Government trying to attract Far East business to transit through Malta

Maritime logistics constitute about 80% of all logistic activities in Malta

Parliamentary secretary Jose Herrera addressing an EY session on logistics, distribution and warehousing
Parliamentary secretary Jose Herrera addressing an EY session on logistics, distribution and warehousing

The Maltese government is trying to attract Far East business to transit through Malta with the possibility of added values operations, parliamentary secretary for competitiveness José Herrera revealed.

Addressing a discussion on logistics, distribution and warehousing in Malta organised by EY, Herrera said logistics has been identified by the government as a niche for potential growth.

“We are talking to various stakeholders to foster interest in developing further logistics skills and capabilities. We are exploring success stories in other countries and trying to attract Far East business to transit through Malta with the possibility of added value operations,” Herrera said. The development of free zones would boost this potential.

The government is currently reviewing legislation with a view to improving the Freeport Act, in line with the Union of Customs Codes adopted 12 months ago by the European Union.

This review is aimed at developing Free Zone as against the one area designated in the Freeport Act.

The review, Herrera explained, will also take into consideration the Freeport Corporation role in the context of the free zones regulation and will cover the airport to promote intermodal transport links.

“This is of particular interest for e-commerce logistics development as well as high value goods. The development of different geographically located free zones will require the introduction of technology for secure transfer between such zones,” he said.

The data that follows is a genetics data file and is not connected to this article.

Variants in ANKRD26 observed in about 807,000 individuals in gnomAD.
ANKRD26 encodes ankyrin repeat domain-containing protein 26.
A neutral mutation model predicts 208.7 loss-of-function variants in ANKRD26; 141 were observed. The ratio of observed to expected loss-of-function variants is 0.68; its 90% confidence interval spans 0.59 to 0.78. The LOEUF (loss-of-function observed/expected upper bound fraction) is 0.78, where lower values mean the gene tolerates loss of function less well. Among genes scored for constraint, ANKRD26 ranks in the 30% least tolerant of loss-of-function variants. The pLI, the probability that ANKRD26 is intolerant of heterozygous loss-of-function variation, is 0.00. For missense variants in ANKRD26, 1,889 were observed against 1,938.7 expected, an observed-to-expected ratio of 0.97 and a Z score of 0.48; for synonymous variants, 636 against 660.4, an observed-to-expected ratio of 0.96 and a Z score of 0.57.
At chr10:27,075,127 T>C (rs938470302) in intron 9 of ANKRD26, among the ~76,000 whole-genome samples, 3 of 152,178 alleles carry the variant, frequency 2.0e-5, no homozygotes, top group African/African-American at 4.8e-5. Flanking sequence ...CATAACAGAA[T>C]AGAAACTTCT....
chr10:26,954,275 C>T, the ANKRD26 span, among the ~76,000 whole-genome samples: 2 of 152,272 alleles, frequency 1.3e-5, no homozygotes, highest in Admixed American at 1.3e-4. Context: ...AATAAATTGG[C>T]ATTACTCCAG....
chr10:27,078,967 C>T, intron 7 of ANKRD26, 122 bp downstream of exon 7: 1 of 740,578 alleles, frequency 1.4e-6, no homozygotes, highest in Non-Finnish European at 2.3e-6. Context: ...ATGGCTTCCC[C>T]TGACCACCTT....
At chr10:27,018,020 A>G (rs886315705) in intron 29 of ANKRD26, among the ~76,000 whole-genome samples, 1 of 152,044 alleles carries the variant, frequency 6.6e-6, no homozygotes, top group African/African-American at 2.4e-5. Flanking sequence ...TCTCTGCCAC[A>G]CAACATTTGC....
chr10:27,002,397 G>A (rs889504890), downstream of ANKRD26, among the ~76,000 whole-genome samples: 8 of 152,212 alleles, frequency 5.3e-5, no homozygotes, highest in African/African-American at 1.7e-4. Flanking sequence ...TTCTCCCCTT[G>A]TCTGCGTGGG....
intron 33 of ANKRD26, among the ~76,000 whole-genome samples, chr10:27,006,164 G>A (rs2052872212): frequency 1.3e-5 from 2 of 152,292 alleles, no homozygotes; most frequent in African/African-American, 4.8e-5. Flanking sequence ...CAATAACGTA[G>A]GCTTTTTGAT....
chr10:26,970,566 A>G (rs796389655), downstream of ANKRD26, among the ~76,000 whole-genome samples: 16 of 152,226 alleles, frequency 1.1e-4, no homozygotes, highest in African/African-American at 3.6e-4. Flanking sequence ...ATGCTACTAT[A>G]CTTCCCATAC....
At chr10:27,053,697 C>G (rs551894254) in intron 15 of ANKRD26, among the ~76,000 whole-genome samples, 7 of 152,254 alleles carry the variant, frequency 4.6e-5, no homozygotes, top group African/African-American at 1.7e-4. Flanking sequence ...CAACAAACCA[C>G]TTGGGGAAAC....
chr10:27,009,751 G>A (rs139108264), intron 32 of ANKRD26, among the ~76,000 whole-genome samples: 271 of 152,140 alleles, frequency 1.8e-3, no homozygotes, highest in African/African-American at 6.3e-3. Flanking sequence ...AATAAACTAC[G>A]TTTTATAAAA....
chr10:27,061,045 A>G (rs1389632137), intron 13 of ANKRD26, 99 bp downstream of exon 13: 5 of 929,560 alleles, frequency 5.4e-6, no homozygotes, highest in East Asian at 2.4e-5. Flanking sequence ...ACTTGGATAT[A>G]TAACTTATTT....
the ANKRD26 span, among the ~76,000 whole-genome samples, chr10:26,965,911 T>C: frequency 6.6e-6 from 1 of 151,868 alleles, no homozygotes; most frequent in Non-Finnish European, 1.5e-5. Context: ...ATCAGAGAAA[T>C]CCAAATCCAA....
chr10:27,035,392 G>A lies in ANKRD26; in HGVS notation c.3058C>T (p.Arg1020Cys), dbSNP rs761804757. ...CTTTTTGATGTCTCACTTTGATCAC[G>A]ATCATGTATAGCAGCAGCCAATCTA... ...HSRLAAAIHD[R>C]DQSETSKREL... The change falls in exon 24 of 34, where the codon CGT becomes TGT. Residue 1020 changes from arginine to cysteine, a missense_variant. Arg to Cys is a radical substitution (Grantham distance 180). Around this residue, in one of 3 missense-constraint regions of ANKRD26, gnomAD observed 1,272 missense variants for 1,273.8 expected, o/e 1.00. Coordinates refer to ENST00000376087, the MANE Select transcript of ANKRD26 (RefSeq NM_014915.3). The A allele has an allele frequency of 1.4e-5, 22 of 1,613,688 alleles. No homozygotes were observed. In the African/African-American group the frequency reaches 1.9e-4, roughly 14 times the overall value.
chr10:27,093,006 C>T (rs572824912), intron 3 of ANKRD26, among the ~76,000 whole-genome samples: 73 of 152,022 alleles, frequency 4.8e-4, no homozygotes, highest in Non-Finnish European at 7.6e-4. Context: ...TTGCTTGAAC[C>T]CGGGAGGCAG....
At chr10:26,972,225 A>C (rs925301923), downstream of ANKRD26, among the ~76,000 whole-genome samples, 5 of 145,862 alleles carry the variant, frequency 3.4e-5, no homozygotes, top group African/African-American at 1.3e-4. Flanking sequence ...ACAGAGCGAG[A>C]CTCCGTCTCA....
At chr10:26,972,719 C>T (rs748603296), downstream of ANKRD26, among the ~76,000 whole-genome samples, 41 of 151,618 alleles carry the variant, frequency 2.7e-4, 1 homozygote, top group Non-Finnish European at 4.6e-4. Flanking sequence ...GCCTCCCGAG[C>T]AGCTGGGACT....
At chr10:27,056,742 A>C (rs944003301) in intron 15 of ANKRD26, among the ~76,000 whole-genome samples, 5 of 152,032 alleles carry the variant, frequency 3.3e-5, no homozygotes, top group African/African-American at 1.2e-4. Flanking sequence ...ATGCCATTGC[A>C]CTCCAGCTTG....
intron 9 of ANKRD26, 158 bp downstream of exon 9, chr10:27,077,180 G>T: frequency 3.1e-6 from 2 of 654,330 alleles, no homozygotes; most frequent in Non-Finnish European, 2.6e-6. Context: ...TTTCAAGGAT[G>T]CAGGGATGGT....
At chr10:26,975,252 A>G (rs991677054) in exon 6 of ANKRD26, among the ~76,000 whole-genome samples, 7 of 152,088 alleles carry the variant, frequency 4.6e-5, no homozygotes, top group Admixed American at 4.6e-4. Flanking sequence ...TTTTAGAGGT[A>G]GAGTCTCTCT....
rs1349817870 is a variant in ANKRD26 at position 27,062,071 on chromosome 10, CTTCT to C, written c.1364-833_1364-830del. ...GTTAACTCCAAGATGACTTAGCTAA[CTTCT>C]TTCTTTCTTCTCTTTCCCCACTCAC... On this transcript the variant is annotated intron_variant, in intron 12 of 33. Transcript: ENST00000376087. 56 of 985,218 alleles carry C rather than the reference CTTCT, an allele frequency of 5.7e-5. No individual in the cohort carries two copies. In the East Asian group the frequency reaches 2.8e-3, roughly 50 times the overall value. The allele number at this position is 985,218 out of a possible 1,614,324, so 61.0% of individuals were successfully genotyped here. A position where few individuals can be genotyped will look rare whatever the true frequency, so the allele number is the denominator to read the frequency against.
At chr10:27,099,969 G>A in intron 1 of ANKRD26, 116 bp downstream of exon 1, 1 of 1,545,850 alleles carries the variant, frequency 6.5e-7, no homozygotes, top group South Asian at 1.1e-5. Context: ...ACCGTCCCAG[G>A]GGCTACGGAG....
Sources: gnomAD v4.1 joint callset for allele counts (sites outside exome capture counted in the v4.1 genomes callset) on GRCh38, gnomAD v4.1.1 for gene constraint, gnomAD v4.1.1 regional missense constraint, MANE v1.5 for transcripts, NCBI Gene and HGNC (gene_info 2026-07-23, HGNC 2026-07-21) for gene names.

Malta, with the third largest Freeport operation in the Mediterranean region, will see the re-organistation of the corporation to facilitate land operations. The government believes that this overhaul would lead to swifter procedures for complaints and trustworthy economic operators.

“We still have a long way to go to become a global or even regional logistics hub. The participation of stakeholders is vital as a one-stop shop in the industry needs more than just government efforts to improve processes. It also requires service providers to be efficient and effective.”

Maritime logistics constitute about 80% of all the logistic activities in Malta. In 2001, the EU launched the motorways of the sea concept, a concept that aims to introduce new intermodal maritime-based logistics chains in Europe. In 2004, a legal framework for funding this concept was created.

“The successful of motorways of the sea will create the opportunity to Malta to truly become a logistics hub,” Herrera added.

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